Aon’s latest report on the state of the insurance market for the real estate industry has found that water and fire damage remain major drivers of insurance claims and losses for the sector.
The report suggests that declining insurance rates these past couple of years have put insurers in a tight spot. In 2016, a typical real estate organization’s total insurance cost for property and business income was about 58.6%. But by the end of 2018, it had fallen to 50.7%. This steady fall in property insurance rates left insurers paying out more than they gain in real estate industry premiums. Because of this, insurers exercised more underwriting discipline, leading to several broad-based market increases in property insurance rates.
Some portfolios – namely those of the office, retail and industrial real estate asset classes – which did not experience significant losses and implemented “strong risk control measures” continue to be preferred by insurers over residential real estate, Aon said. Those portfolios are also fairly protected from overall market pressures.
Aon, however, noted that any sweeping market changes “will have a noticeable effect for almost all types of real estate organizations.”
“. . . there is no doubt that a move to higher premium rates and a shifting of more of the cost of risk back to policyholders via higher deductibles is expected for real estate organizations in 2019 and beyond,” the professional services company concluded in its report.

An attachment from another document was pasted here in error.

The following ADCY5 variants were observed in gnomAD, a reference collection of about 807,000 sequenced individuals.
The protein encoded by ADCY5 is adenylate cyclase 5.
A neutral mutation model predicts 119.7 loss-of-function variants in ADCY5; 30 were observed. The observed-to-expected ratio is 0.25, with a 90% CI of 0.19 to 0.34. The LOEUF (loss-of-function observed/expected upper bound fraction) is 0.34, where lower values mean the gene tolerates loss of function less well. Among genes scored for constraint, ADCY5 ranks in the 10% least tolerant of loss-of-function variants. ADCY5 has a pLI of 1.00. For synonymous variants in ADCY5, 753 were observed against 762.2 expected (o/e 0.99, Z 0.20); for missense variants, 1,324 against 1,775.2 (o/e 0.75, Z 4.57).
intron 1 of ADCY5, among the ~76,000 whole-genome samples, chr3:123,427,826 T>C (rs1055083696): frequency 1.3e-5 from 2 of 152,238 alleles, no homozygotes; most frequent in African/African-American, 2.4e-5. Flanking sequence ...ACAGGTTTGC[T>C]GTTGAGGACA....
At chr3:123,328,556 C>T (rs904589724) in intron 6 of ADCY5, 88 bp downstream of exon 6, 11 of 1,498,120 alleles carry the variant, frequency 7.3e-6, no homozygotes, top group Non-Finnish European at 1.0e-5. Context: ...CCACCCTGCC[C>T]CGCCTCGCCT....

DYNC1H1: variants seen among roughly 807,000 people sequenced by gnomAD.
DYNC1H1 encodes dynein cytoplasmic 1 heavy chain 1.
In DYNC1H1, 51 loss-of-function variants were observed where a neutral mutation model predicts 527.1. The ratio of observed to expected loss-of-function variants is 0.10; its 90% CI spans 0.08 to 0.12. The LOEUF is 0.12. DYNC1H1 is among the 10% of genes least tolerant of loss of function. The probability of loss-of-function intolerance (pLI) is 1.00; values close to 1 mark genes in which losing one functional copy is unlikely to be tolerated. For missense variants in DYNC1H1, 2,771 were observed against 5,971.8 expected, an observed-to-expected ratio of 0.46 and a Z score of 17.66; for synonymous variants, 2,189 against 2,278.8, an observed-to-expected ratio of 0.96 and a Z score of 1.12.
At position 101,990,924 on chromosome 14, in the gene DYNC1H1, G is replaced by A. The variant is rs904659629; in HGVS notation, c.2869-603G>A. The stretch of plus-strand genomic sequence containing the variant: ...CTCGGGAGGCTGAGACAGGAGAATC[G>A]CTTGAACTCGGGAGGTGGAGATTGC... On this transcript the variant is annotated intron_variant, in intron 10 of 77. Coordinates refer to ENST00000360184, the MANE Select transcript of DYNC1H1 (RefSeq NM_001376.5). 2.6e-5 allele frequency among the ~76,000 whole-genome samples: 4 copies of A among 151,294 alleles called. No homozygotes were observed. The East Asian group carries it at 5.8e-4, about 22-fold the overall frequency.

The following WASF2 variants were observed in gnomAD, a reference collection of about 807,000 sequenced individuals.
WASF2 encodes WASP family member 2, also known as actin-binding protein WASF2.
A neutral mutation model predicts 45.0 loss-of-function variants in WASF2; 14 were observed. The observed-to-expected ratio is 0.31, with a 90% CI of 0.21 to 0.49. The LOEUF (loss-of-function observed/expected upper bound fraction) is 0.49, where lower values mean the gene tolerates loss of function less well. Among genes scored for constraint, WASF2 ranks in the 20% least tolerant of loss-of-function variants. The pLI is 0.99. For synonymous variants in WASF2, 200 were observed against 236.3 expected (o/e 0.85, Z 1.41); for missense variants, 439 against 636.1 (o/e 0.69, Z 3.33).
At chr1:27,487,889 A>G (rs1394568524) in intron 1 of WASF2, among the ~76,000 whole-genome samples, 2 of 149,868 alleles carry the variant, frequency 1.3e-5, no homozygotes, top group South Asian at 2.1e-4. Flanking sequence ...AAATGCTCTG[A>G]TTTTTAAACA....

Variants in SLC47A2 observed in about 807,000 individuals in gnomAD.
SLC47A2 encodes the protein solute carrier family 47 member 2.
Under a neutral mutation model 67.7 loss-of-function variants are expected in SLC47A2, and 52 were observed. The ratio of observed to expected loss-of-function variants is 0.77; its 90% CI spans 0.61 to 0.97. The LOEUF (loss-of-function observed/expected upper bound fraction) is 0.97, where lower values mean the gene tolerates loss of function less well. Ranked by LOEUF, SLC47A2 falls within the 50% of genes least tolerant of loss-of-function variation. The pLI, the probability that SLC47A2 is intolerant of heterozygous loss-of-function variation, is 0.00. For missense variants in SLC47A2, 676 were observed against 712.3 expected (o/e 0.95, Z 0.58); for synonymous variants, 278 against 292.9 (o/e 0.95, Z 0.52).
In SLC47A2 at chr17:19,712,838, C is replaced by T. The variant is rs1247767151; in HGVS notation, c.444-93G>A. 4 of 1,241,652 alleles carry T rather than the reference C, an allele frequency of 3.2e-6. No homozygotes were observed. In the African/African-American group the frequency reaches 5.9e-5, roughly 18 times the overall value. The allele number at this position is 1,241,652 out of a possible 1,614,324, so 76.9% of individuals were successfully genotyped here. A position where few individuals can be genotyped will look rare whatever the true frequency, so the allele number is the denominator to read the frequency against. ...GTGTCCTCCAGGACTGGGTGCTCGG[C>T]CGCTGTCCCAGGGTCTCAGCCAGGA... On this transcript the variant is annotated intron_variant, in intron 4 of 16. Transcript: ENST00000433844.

The report found that two types of claims are driving the poor results:
- Water damage – Aon cited an Insurance Bureau of Canada report, which said that water damage has overtaken fire as the leading cause of insurance claims in Canada. One insurer said that its average commercial water damage claim is now $120,000. Water damage is such a serious concern that commercial property owners across all asset classes have experienced water-related losses. Sources of these damages include leaky pipes, improper design/construction, poor maintenance, human error and sprinkler systems failure.
- Fire damage – Although fire has been unseated as a major driver of claims, it remains a major issue despite commercial property owners’ repeated attempts to mitigate fire risk. Although many fire claims are for tenant-induced fires, fire losses from other sources (such as wildfires) continue.
Aon also identified several trends that are shaping insurance risks in the real estate sector:
- Aging infrastructure
- Earthquake risks
- Insurance capacity
- Climate change/weather patterns
Aon has recommended that real estate owners looking to renew their insurance will need to invest in effective loss prevention measures, offer responses to previous risk improvement recommendations, develop and implement water damage mitigation plans, analyze their claims history, and begin the renewal process ahead of the renewal date.